Wasatch Back mayors, council members support regional cooperation
At a recent conference about the local economy, Wasatch Back government leaders said they hope to form regional partnerships to address challenges related to growth and development.
Business leaders, elected officials and residents met in Midway last week at the Wasatch Back Economic Summit. They delved into topics like regional transit, affordable housing, preserving open space and tourism. And with projections for some local communities to more than double in population in coming decades, growth was at the center of those conversations.
A panel of mayors and council members from Park City, Summit County, Kamas, Heber City and Wasatch County agreed a regional approach to handling the growth would benefit all.
Moderator Tom Kelly asked the panel about a Wasatch Back regional governing body, which Park City Mayor Nann Worel called a “fabulous” idea.
“I'm excited because what I'm hearing up here, what I'm hearing in different meetings with different municipalities and jurisdictions, is there's an unprecedented desire to work regionally,” she said. “I think that has been missing in the past. I think that we get a lot accomplished if we work together.”
While they didn’t go into specifics about how to form a regional governing body, they touched on how they’ve collaborated in the past and what they want to do in the future.
One such recent effort is work to expand High Valley Transit into Wasatch County, with a route that would connect the two. High Valley Transit is Summit County’s free public transportation service. Panelists said a public transportation connection would benefit both the workforce and the environment.
In a breakout session, Wasatch County Manager Dustin Grabau said there could be buses running by early next year. But Wasatch County must levy sales taxes to fund it, and Grabau said some residents are hesitant about new taxes — and becoming the next Park City.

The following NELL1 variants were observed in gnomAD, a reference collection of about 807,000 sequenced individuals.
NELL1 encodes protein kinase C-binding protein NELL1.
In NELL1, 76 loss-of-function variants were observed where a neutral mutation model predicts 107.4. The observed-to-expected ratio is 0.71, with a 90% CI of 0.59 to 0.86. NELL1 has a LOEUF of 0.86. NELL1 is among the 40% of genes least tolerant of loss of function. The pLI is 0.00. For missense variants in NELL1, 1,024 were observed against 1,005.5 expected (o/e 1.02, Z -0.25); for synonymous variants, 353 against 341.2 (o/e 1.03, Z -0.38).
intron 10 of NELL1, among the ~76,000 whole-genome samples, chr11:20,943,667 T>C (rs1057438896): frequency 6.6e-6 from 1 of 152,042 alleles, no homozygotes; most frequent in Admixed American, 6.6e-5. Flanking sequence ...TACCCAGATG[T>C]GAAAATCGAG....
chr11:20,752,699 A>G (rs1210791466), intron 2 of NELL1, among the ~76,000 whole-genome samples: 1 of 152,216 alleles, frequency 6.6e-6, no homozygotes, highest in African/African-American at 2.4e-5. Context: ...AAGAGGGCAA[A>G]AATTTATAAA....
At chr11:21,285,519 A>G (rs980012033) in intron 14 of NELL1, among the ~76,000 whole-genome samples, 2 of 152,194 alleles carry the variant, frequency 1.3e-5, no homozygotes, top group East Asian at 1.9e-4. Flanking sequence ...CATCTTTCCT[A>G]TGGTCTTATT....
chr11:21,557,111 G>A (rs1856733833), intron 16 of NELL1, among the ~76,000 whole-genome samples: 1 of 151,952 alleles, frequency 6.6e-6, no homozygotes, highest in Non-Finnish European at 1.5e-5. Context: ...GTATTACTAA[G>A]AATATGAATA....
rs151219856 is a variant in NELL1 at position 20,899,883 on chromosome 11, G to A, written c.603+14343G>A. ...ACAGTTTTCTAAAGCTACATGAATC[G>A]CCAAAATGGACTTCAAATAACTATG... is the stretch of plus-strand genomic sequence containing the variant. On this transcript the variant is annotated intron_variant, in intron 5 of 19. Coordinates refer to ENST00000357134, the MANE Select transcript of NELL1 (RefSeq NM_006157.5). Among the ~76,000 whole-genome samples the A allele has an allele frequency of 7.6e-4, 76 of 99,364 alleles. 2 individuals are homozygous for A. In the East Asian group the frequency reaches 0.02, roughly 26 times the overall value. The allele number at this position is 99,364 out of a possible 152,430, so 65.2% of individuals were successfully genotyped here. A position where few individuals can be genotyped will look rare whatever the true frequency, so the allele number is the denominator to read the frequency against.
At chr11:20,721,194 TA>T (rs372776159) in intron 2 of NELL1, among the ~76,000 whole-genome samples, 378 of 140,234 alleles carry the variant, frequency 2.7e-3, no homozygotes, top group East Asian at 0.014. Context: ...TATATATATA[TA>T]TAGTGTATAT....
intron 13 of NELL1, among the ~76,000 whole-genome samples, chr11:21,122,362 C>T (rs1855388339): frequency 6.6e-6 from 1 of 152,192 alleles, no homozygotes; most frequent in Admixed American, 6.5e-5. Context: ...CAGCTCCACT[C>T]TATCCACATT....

Heber City Councilmember Yvonne Barney later told KPCW that sentiment comes from Heber natives wanting to preserve the city’s agricultural heritage. She said while Heber wouldn’t follow Park City’s evolution exactly, she wants to do more for the many residents who live in one county and work in the other.
“It’s going to take an effort to walk across the line, extend the hand and say, ‘Hey, let’s keep this beautiful area that we all live in and protect it,’” Barney said. “And let’s protect what I like to call the Wasatch Front spread. We need to still protect our community individualities through keeping that open space between us, and at the same time still provide that unity that we need across the Wasatch Back.”
Summit County Councilmember Chris Robinson said along with transit, Summit and Wasatch counties should work together in land-use planning. He said visitors don’t distinguish between the two counties anyway, and growth will only exaggerate that blending.
For more on the summit, visit kpcw.org.